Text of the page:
Heteromeric channel formation and Ca(2+)-free media reduce the toxic effect of the weaver Kir 3.2 allele.
Tucker SJ., Pessia M., Moorhouse AJ., Gribble F., Ashcroft FM., Maylie J., Adelman JP.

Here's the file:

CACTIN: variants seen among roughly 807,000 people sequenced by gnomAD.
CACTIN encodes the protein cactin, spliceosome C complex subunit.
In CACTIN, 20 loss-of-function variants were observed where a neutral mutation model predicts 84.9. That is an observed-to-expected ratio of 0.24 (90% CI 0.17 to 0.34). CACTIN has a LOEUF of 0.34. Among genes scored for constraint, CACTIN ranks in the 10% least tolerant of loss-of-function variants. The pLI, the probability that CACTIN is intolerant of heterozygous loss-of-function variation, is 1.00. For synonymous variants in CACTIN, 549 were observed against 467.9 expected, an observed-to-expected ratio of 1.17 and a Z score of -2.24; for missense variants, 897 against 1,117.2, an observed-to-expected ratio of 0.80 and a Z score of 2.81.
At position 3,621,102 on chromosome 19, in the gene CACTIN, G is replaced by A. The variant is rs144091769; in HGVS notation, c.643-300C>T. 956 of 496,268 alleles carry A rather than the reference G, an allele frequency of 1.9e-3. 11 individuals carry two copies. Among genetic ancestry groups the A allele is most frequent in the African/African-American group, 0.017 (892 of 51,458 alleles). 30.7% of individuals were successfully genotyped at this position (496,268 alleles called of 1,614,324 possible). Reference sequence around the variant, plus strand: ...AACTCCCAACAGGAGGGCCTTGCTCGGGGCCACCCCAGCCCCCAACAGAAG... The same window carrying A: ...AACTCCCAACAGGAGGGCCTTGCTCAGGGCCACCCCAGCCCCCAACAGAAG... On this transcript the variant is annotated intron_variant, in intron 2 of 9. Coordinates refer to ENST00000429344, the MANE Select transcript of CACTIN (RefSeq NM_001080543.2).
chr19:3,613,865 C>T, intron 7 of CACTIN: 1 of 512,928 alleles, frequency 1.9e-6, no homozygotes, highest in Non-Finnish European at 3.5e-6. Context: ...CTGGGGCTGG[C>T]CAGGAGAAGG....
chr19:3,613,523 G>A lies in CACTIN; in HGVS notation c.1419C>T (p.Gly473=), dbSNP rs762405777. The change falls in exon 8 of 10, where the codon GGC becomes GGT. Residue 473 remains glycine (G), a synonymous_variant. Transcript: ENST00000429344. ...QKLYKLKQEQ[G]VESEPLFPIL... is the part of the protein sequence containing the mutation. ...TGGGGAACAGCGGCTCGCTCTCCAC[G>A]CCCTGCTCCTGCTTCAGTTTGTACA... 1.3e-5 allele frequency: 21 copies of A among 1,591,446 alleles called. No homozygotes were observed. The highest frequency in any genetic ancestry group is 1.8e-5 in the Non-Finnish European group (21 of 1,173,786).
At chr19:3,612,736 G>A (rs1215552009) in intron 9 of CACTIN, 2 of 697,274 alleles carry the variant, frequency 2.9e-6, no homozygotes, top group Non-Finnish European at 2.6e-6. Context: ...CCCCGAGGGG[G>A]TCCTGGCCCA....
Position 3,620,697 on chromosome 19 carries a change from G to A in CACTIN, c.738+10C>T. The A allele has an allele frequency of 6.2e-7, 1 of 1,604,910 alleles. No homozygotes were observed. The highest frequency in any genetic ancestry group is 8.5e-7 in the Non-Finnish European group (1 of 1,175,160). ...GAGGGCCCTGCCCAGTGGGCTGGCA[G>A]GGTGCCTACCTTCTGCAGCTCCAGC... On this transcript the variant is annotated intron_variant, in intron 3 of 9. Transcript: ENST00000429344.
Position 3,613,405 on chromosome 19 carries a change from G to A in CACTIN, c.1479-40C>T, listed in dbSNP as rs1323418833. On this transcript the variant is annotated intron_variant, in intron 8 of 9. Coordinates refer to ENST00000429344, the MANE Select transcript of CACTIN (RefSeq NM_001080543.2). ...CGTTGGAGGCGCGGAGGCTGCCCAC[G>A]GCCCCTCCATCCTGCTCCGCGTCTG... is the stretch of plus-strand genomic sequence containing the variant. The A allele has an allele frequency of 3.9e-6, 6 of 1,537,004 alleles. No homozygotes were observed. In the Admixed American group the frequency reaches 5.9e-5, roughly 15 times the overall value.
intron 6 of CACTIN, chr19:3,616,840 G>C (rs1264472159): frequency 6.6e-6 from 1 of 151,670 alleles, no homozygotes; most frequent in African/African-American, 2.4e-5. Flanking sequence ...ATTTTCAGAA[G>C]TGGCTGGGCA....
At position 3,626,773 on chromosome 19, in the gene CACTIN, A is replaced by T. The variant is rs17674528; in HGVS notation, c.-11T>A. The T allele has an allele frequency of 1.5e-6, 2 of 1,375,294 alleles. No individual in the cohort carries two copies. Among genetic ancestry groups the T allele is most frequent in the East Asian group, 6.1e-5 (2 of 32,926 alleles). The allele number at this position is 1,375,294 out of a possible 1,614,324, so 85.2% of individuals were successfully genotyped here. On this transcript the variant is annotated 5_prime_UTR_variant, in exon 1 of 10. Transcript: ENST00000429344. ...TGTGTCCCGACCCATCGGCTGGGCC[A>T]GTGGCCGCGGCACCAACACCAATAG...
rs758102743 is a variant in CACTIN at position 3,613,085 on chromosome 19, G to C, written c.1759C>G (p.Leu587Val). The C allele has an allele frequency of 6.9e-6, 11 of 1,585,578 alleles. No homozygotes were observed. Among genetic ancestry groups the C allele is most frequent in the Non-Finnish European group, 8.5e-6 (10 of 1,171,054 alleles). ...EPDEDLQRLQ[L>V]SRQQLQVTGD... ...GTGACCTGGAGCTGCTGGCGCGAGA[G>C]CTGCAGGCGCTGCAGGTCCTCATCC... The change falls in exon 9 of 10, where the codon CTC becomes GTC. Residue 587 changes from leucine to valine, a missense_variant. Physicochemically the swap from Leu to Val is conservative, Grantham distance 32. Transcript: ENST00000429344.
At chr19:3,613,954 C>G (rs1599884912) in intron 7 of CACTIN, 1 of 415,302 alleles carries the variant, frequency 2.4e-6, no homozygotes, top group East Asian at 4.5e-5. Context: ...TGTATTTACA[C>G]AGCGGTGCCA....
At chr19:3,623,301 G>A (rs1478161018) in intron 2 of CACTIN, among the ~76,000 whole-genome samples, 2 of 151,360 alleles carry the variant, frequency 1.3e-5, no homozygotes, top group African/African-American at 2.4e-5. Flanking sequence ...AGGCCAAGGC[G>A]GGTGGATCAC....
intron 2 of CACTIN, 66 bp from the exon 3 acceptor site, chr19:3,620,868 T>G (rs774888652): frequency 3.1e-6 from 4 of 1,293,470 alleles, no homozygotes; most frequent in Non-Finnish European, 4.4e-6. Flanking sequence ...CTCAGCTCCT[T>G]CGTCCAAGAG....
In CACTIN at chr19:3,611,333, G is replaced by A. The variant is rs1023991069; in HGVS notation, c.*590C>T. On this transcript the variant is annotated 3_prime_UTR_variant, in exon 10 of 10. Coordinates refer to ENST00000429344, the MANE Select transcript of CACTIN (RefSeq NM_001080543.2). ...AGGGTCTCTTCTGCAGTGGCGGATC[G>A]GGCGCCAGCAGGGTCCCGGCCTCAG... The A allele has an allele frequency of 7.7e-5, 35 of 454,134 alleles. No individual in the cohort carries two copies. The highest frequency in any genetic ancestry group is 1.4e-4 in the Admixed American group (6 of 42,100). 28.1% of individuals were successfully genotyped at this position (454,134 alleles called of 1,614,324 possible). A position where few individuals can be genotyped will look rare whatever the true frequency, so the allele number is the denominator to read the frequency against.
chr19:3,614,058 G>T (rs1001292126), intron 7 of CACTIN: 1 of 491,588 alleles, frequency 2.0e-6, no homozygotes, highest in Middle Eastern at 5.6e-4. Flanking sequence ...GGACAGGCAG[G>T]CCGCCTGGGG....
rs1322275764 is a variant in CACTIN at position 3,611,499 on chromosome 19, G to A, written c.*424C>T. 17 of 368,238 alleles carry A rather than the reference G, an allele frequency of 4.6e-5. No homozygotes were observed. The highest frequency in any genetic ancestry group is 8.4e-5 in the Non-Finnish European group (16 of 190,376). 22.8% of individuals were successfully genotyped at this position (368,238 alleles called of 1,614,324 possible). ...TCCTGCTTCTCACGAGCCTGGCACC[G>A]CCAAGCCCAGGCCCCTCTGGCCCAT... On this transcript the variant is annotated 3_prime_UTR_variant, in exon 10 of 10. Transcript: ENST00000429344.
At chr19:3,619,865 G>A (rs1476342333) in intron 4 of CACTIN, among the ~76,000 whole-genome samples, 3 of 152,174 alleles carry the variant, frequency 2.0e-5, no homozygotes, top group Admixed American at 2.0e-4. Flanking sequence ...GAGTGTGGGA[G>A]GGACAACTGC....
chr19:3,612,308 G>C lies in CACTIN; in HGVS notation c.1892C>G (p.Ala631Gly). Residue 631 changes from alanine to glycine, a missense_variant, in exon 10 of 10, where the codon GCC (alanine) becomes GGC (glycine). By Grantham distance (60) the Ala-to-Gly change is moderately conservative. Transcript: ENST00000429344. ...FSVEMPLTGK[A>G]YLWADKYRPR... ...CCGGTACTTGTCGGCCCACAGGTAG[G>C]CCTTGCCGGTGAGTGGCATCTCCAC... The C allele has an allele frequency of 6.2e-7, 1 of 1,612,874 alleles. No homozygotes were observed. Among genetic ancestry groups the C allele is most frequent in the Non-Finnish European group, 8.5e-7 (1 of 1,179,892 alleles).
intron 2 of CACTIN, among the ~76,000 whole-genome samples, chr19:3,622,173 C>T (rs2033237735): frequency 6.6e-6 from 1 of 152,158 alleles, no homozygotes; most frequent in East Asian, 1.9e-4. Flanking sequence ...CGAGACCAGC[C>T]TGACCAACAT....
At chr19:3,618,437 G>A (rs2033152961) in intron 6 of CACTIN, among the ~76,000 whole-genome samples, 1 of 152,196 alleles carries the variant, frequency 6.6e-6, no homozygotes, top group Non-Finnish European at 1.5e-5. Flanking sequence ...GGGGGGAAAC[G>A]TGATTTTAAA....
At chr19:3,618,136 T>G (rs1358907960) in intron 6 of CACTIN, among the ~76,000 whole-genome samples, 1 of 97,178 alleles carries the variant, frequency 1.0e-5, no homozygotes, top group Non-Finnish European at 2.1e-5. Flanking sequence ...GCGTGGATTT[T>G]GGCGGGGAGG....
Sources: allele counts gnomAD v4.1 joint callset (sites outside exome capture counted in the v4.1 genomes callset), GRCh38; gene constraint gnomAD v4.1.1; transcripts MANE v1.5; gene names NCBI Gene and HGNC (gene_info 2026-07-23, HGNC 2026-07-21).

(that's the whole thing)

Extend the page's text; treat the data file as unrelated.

Weaver mice have a severe hypoplasia of the cerebellum with an almost complete loss of the midline granule cells. Recent genetic studies of weaver mice have identified a mutation resulting in an amino acid substitution (G156S) in the pore of the inwardly rectifying potassium channel subunit Kir 3.2. When expressed in Xenopus oocytes the weaver mutation alters channel selectivity from a potassium-selective to a nonspecific cation-selective pore. In this study we confirm by cell-attached patch-clamp recording that the mutation produces a non-selective cation channel. We also demonstrate that the cell death induced by weaver expression may be prevented by elimination of calcium from the extracellular solution as well as by coexpression with the wild-type Kir 3.2 allele, or other members of the Kir 3.0 subfamily. These results suggest that the weaver defect in Kir 3.2 may cause cerebellar cell death by cell swelling and calcium overload. Cells which express the weaver subunit, but which normally survive, may do so because of heteromeric subunit assembly with wild-type subunits of the Kir 3.0 subfamily.